Documents like the recent Air Force releases can appear to be reasonable to many people, only because of the case's complexity and the absence of a clear, comprehensive research document. This, and this alone, allows shoddy, incomplete research and "explanation" to address tiny elements of the case and pretend to address the entire complex. Some anti-Roswell ufologists have become masters of the "cut-a-branch-and-say-you-killed-the-tree" methodology. And Kent Jeffrey's recent change of mind about the case seems also influenced by this style of analysis. In many simpler UFO cases this approach might be reasonable. They are usually dependent upon very few elements. In the Roswell case, potshots and tree trimmings are important, but some humility and perspective should be applied when it comes to claiming what that trimming has actually done to the tree. In the real world, trimming often makes a tree healthier. Again, I want to emphasize that without a clear and comprehensive research document defining the ease, no one, supporter or detractor, has a clear idea of what they're aiming at. My friends and colleagues, Kevin Randle and Donald Schmitt, wrote good books but not this sort of document. That was not their intent in made-for-the-public publications. We are still looking for the research-usable publication from some source, however.
Because I cannot unravel the whole Roswell case in an article (due mainly to my patchy understanding of the details, let alone the length it would take), I would like to present what I believe to be the general hypothetical model that the reasonable pro-crash researchers are working with, and examine its strength and weakness. The pro-crash researchers base their views strongly in the historical context of the UFO phenomenon of the late 1940s and early 1950s. The anti-crash researchers seem to base their views in a different historical context: not UFOs, but their view of the way government and the military "should really work."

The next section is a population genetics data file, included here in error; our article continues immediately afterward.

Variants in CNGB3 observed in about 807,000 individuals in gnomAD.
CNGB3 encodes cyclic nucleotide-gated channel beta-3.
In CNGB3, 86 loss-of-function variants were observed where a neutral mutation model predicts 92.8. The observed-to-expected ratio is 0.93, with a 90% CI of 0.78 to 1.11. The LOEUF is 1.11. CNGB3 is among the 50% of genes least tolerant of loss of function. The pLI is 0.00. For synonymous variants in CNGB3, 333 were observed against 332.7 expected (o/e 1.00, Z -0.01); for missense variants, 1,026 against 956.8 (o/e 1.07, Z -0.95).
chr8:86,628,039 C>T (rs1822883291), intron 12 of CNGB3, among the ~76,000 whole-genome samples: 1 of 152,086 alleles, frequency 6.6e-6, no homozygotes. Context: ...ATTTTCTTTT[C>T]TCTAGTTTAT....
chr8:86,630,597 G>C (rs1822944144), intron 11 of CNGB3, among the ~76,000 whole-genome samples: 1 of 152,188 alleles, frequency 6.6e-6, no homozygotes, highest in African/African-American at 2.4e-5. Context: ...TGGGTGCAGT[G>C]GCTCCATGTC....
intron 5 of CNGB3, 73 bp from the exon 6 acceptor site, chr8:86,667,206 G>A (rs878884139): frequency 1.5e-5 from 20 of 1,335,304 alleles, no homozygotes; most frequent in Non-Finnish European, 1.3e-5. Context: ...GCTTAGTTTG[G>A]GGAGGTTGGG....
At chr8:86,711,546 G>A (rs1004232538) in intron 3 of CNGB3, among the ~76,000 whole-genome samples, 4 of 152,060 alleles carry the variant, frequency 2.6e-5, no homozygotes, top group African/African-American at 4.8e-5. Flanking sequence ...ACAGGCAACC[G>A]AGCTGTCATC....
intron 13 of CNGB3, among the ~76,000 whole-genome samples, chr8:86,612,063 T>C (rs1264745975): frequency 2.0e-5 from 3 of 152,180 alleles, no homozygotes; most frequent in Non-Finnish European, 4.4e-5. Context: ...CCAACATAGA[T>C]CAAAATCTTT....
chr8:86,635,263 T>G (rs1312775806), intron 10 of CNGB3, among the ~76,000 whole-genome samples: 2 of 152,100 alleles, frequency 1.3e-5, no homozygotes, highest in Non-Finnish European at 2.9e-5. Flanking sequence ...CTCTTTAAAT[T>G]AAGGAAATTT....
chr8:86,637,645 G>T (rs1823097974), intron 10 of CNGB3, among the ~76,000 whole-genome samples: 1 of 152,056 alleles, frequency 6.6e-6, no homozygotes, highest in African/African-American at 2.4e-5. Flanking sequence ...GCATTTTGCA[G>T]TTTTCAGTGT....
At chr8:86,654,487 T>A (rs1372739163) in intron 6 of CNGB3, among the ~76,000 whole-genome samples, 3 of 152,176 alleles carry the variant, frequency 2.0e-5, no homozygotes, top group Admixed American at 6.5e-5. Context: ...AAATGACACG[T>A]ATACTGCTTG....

What ingredients interest the pro-crash researchers from which they build their working hypothesis? The first stone is really the foundation stone, and surprisingly almost never enters the discussion: that there was a huge wave of flying disk sightings being reported all over the country in the summer of 1947, and which continued intermittently as essentially the same phenomenon through 1952. This outbreak of anomalous aerial events was apparently well-witnessed and very convincing to those who studied it. What were they convinced of? That these were flying disks; technical craft performing beyond our own capabilities of the time, and of a very unusual configuration. Almost every discussion of the Roswell event skips lightly over this UFO context, and most begin talking as if the report were to be properly viewed as an isolated event.